From an organization’s perspective, determined action might translate to the creation of environments where there is freedom to ideate, supplying resources to bring new solutions to market and commitment to follow through to execution in the face of market pressures. Innovations that flow from adapted behaviors must make it from the drawing board to the marketplace in order for them to generate intended impact as the fruit of the growth process.
Planner Action Points
Here are a number of determined actions planners can take to facilitate adaptation.
First off, practice, practice, practice. How many clich%E9;s can you spout off that get exactly to this point? They are clich%E9;s for a reason. Once you have learned a new skill or information, one sure way to cement it into your skill set is to practice it repeatedly until it’s mastered. What is the old adage about learning new words? Spell and recite them a number of times and you know them. Use them in sentences and you own them.
A second action planners can take is embodied in Nike’s tag line: “Just Do It.” Diving into a planning process or sharing commentary in a critical meeting that requires a planner to use new learning is easier said than done. If one hasn’t had the occasion, it takes some courage to step out into that new territory. But you need to remember that if that new information or skill was learned from an expert in that area, the larger risk is to keep it to yourself and leave a potential contribution on the shelf.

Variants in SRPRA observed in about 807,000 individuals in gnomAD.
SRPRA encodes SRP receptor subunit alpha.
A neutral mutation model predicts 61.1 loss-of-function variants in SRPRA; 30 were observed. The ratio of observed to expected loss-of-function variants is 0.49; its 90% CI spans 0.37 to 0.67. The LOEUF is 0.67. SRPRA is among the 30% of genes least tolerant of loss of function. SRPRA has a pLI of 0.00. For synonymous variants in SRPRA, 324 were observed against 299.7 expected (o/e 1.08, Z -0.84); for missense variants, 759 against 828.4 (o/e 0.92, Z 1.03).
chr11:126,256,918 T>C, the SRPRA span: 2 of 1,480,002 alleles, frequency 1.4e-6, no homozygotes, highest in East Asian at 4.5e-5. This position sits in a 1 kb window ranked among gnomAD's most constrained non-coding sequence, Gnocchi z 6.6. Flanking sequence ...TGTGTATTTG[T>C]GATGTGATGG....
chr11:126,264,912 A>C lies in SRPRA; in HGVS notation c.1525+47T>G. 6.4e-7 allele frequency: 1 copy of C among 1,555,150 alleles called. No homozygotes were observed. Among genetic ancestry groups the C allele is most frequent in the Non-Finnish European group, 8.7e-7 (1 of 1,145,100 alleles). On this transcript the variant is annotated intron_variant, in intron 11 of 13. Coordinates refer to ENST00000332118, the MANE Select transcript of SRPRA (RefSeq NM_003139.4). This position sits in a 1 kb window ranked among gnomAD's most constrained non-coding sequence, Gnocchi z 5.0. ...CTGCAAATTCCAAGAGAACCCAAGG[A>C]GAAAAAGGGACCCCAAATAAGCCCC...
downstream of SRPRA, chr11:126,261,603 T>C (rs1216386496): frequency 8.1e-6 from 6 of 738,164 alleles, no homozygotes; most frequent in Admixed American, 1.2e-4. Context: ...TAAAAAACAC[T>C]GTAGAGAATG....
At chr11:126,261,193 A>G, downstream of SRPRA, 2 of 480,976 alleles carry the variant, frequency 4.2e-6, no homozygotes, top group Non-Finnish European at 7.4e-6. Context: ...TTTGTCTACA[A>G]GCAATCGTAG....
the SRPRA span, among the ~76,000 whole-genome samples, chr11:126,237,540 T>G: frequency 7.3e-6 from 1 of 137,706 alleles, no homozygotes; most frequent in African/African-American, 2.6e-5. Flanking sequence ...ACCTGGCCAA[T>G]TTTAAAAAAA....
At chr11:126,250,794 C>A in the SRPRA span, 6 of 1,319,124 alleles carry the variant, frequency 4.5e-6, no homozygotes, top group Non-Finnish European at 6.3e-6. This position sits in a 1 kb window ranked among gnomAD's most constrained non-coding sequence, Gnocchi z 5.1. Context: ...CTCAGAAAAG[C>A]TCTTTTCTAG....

A final action media planners can take to facilitate adaptation is to teach what they have learned. Stephen Covey mentions this in his book “The Seven Habits of Highly Effective People.” The contention is that we learn better when we teach. Intuitively, that seems right on target. When you consider that any teaching of new learning requires ongoing mastery of the new learning and actual practice in the conveyance or demonstration of what has been learned, teaching should serve to strongly hone skills.
The difficulty of adaptation as the last step in the growth process should not be understated. It takes belief in one’s self, one’s organization and courage to take real action even after powerful decisions have been made and valuable knowledge has been learned. But we must take that step in order to grow.
A final story: A desperate but courageous man was driven by need to climb a mountain to reach a pass beyond in order to come down on the other side and ultimately secure aid for his village. After an arduous trek, he reached the pass to discover it had deteriorated into a chasm spanned by a slender rope. He fell down with his back to the mountain, disheartened and beaten.
Shortly, a clown pushing a wheelbarrow came up from behind him, smiled and proceeded to cross over the gap on the rope bridge, easily pushing the wheelbarrow. On the other side, he smiled back to the man and returned back over the rope.
The man exclaimed it was the most amazing thing he had ever seen. The clown replied that it was no big deal. He had learned how to do it as a child and could walk the span backwards and forwards. “I believe it!” replied the man. “Do you need to get to the other side?” queried the clown. The man replied that he did, to which the clown said, “Get in and I’ll take you across.”
Embarking on a path to real growth isn’t easy and as we’ve seen over the last months, it takes a lot of work. But perhaps the most difficult obstacle we will face along the way is having enough faith in ourselves to take that first step.
Mark Dominiak is principal strategist of marketing, communication and context for Insight Garden.